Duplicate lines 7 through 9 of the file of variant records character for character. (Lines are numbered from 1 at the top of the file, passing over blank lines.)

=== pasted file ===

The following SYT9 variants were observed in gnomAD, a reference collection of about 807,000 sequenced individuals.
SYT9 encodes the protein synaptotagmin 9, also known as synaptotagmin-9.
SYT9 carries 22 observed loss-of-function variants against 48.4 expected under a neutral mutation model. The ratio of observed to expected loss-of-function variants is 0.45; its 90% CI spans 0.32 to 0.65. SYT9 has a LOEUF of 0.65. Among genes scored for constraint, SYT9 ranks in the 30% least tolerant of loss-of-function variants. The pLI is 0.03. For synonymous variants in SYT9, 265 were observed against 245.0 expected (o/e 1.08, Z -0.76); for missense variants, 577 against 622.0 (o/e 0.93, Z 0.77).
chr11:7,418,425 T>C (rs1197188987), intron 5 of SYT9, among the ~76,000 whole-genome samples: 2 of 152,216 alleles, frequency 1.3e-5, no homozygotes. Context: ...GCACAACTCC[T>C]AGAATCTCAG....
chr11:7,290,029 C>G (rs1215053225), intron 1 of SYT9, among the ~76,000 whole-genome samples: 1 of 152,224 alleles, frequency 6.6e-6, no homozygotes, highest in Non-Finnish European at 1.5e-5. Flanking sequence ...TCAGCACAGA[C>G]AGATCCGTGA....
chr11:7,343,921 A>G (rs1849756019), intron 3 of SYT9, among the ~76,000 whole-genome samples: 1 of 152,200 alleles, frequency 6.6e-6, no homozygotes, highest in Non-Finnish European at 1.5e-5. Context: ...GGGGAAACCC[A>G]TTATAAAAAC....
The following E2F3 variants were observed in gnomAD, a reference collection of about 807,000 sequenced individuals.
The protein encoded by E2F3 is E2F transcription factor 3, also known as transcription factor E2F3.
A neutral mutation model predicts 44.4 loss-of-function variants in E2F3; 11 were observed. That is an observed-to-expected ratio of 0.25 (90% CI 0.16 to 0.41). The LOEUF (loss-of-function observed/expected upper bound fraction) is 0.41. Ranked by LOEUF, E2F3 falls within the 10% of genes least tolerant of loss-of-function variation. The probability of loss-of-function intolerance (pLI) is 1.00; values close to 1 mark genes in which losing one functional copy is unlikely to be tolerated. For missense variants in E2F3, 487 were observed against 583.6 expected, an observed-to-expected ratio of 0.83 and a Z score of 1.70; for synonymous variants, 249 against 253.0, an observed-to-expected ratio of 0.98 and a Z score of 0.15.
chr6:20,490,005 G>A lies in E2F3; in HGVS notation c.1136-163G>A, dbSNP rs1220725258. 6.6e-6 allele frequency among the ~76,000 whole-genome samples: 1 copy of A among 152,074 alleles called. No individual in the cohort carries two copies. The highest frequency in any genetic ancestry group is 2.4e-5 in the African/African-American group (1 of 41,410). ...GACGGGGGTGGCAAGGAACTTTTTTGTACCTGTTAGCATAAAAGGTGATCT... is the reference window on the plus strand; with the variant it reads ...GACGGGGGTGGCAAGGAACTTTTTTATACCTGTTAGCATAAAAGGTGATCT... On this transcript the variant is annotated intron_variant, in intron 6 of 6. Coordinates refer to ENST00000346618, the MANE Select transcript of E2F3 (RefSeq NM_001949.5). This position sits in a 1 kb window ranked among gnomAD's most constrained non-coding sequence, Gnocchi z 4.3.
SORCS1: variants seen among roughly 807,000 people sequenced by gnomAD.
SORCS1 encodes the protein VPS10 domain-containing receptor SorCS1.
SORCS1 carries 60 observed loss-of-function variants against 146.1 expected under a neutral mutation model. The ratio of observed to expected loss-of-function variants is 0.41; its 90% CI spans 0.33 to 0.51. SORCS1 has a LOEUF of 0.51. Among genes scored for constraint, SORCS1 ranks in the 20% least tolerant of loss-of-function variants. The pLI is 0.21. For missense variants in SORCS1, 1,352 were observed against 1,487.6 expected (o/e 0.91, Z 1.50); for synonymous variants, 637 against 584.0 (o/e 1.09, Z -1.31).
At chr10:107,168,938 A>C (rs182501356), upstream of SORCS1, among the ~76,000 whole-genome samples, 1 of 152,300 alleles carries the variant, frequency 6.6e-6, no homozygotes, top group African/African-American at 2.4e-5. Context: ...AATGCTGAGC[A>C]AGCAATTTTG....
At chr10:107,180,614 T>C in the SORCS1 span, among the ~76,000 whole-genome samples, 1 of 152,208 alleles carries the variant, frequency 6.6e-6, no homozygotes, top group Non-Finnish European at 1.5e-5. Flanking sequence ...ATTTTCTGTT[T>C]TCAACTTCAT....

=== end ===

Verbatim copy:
The following E2F3 variants were observed in gnomAD, a reference collection of about 807,000 sequenced individuals.
The protein encoded by E2F3 is E2F transcription factor 3, also known as transcription factor E2F3.
A neutral mutation model predicts 44.4 loss-of-function variants in E2F3; 11 were observed. That is an observed-to-expected ratio of 0.25 (90% CI 0.16 to 0.41). The LOEUF (loss-of-function observed/expected upper bound fraction) is 0.41. Ranked by LOEUF, E2F3 falls within the 10% of genes least tolerant of loss-of-function variation. The probability of loss-of-function intolerance (pLI) is 1.00; values close to 1 mark genes in which losing one functional copy is unlikely to be tolerated. For missense variants in E2F3, 487 were observed against 583.6 expected, an observed-to-expected ratio of 0.83 and a Z score of 1.70; for synonymous variants, 249 against 253.0, an observed-to-expected ratio of 0.98 and a Z score of 0.15.